The Windmill at Napton built around 1835 is now derelict but in decent condition.
Our walk took us canalside to the village of Napton and in particular 'The Folly Public House'. A warming log fire and 2 pints of 'Old Hookey Ale' went down very well indeed. The highlight on the way back was spotting a beautiful Peregrine Falcon perched in a bush by the canal before taking flight.
Yours truly enjoying the sun breaking through.
It is quite unusual to see Mistletoe growing wild. It actually grows on a wide variety of host trees. All mistletoes are hemi-parasites, bearing evergreen leaves and using the host tree for water and mineral nutrients. The Mistletoe actually first sprouts fron bird droppings !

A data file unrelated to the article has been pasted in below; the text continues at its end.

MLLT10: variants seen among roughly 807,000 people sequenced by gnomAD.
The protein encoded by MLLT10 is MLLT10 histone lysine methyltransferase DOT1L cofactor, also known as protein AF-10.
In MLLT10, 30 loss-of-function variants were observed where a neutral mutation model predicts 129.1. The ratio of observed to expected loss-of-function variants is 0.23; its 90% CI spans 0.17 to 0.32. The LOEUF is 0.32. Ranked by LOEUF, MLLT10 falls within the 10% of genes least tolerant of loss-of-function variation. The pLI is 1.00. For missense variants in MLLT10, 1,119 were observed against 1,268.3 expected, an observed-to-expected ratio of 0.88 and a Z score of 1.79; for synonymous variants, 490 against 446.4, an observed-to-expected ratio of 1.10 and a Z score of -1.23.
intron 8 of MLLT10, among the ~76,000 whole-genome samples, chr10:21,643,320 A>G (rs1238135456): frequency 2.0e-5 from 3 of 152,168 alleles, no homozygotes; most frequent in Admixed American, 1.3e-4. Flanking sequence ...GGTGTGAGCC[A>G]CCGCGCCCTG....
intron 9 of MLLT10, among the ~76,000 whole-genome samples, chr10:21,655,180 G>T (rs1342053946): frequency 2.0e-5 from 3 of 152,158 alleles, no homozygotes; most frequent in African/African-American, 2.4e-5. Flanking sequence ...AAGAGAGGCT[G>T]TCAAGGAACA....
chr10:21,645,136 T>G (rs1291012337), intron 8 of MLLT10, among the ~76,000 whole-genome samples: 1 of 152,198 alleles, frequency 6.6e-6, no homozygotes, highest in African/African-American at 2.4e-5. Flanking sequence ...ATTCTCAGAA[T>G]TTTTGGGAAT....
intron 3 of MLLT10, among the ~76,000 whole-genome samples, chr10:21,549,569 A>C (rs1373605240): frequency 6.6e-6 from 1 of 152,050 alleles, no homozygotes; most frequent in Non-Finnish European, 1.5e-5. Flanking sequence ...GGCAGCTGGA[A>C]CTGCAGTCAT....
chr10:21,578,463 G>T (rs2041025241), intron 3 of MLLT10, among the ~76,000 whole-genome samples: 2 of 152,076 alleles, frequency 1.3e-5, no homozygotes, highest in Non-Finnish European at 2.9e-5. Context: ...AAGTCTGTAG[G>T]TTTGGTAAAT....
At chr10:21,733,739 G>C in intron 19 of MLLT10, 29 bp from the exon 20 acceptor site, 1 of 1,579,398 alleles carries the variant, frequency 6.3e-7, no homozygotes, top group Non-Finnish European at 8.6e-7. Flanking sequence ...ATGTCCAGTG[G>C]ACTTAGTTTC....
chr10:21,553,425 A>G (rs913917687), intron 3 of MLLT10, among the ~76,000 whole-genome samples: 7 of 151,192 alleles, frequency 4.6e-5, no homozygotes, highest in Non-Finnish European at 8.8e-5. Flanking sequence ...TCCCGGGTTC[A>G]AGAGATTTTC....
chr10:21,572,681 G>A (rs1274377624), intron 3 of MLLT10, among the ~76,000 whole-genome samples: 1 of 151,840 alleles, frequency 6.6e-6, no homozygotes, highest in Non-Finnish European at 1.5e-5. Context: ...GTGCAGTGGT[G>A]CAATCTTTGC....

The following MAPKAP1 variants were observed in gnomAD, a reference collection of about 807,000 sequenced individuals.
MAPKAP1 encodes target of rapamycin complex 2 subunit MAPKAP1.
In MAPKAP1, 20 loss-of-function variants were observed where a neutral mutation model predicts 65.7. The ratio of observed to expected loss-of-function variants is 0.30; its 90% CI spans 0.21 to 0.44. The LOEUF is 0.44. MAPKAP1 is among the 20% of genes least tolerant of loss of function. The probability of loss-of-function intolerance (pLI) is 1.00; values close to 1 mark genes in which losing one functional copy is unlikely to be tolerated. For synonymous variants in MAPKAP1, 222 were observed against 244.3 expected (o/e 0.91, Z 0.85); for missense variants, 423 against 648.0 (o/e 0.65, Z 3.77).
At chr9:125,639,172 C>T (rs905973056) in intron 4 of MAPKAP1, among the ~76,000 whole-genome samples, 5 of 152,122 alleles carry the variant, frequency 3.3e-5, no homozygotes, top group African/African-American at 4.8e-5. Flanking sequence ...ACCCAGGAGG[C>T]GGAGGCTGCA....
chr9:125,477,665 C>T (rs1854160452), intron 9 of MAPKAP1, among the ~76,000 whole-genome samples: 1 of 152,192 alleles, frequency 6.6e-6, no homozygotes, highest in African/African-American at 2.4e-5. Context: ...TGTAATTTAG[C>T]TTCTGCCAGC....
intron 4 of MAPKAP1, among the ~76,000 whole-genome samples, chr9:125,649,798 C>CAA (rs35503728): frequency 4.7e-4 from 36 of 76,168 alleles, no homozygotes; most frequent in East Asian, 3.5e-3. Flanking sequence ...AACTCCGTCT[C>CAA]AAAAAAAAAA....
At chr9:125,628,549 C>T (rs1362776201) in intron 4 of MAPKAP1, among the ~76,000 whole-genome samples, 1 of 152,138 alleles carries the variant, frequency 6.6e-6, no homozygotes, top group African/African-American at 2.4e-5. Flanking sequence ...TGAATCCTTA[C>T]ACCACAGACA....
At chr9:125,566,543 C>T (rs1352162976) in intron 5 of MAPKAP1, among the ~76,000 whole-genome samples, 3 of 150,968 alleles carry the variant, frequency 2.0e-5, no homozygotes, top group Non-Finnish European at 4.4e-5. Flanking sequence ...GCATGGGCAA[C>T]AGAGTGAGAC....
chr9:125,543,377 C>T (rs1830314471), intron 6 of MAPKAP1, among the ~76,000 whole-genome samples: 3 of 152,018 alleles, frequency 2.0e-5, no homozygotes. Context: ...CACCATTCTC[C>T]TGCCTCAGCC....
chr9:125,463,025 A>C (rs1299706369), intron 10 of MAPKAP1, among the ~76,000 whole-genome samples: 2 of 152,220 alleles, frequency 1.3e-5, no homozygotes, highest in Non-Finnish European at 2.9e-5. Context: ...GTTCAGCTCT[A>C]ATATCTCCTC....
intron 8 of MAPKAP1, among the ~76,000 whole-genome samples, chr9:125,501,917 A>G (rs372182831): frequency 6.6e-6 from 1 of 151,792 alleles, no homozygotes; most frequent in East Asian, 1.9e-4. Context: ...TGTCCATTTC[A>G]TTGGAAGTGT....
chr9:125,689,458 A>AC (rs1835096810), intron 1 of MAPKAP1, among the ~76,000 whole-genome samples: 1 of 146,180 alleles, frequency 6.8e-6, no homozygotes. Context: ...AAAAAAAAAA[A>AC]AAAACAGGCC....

Quite a chilly start before the sun broke through and we had some lovely blue skies.
The small Church in the grounds of Shucklburgh Hall that only hold services on rare occasions.
Immediately we had a steep climb that afforded wonderful views over open countryside. These cannons were at the top of the steepest part of the hill in the grounds of Shuckburgh Hall.
Our first walk of the year took us just over the County border into East Warwickshire. We left the car outside church of St John the Baptist in Lower Shuckburgh, which dates from 1864 and is built in Gothic style.
The village lies on the A425 road between Southam and Daventry. Just north of the village is the Oxford Canal.